Cleaner power starts being generated in southwestern Morocco

The 131 turbines will be fully operational in October and produce up to 300 megawatts of electricity

TARFAYA, Morocco - Africa's largest wind farm, at Tarfaya in southwestern Morocco, has started generating electricity and will be capable of meeting the electricity needs of several hundred thousand people, officials say.
Installed on 10,000 hectares (24,700 acres) along the wind-blown southern Atlantic coast, the 80-metre (260 feet) high turbines, 131 in all, will be fully operational in October and produce up to 300 megawatts of electricity.
The North African kingdom has no hydrocarbon reserves of its own and hopes to cover 42 percent of its energy needs with renewable sources by 2020. It has launched a plan to produce 4,000 MW from wind and solar power.
Last year, Morocco officially launched the construction of a 160-megawatt solar power plant near the desert city of Ouarzazate, which is slated for completion next year.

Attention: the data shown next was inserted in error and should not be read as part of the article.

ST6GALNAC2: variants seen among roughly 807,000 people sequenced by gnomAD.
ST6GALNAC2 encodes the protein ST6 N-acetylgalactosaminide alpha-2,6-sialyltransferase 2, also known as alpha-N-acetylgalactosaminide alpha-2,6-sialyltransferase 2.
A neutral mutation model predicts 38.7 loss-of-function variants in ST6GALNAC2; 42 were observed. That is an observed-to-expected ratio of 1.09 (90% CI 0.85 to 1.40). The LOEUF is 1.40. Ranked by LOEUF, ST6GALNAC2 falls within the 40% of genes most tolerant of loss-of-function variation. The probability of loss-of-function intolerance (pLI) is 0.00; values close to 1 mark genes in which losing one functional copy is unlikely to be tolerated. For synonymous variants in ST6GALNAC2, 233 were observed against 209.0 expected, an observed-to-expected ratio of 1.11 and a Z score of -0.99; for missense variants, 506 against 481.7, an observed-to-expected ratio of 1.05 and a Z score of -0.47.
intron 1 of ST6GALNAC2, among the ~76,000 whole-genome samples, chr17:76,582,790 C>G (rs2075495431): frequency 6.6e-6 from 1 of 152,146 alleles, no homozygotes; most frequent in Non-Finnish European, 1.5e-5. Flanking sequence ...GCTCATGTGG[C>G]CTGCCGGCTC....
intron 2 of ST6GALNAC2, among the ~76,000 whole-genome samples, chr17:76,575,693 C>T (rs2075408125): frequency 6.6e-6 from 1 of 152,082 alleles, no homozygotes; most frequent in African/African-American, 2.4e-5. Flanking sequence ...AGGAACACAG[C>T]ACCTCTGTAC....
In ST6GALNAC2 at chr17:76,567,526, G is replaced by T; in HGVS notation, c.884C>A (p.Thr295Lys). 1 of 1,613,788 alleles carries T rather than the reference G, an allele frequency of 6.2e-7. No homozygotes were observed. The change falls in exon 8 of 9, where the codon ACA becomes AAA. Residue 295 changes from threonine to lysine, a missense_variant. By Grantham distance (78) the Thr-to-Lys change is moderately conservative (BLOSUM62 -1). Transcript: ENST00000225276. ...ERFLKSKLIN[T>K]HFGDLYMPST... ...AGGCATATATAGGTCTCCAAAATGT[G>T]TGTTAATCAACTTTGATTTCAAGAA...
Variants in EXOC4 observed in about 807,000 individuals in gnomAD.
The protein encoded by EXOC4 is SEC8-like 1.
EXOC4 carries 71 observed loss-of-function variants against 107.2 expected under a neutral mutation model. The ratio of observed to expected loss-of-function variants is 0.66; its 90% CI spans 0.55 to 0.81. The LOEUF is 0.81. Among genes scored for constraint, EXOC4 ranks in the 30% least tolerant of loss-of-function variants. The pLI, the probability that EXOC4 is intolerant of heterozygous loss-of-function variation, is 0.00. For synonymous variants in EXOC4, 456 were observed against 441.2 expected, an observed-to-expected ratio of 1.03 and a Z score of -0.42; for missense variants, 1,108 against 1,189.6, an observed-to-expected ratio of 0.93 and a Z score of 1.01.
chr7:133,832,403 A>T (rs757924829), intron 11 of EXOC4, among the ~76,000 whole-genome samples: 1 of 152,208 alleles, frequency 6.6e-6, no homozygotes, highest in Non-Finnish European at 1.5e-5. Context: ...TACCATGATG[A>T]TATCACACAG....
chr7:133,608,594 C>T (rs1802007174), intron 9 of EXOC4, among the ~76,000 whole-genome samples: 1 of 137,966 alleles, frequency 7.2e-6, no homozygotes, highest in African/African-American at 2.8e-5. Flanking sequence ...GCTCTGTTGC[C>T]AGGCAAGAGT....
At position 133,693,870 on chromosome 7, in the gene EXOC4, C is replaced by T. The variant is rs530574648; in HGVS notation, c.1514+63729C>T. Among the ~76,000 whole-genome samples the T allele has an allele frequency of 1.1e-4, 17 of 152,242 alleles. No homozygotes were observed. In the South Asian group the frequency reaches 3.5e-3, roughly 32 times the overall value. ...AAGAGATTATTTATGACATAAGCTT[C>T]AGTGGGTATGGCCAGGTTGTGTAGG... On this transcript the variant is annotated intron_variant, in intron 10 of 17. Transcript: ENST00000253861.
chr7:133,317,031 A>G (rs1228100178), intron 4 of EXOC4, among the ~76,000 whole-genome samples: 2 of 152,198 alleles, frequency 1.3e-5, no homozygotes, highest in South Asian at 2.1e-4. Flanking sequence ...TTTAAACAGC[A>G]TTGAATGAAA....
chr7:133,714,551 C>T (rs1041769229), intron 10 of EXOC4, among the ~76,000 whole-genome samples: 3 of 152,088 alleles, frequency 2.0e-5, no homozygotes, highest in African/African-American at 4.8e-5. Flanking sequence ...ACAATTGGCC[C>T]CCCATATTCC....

Work started in Tarfaya at the beginning of 2013, and 88 of the 131 turbines have now been erected, according to Mohammed Sebti. Moroccan firm Nareva Holding is carrying out the project in partnership with France's GDF Suez.
Forty-four turbines have been connected to the grid, with the first kilowatts delivered earlier this month, Sebti said at the site.
Production will continue to rise, with its "full commissioning to be completed in October as planned," he added.
Costing around 500 million euros ($690 million), the wind farm will be the continent's biggest, surpassing Ethiopia's Ashegoda project, with its 84 turbines and 120-megawatt capacity.
It will save 900,000 tonnes of CO2 a year, according to GDF.
Around 50 employees, of the 700 people involved in the construction phase, will continue working at the site once it is fully operational.
The southwest is the focus of Morocco's wind plans, with the smaller Akhfennir plant, around 100 kilometres to the east of Tarfaya, already producing 100 MW from 60 turbines.
The Tarfaya region lies on the edge of Western Sahara, a disputed territory larger than the United Kingdom, most of which is under Moroccan control, but with the Algeria-based Polisario Front campaigning for independence since 1973.
A 50 MW wind farm already exists at Foum el Oued, near Western Sahara's main city of Laayoune, and other projects are planned, according to Morocco's Economic, Social and Environmental Council.
But attracting foreign firms to participate in the kingdom's wind plans for the territory will be harder than in Morocco itself.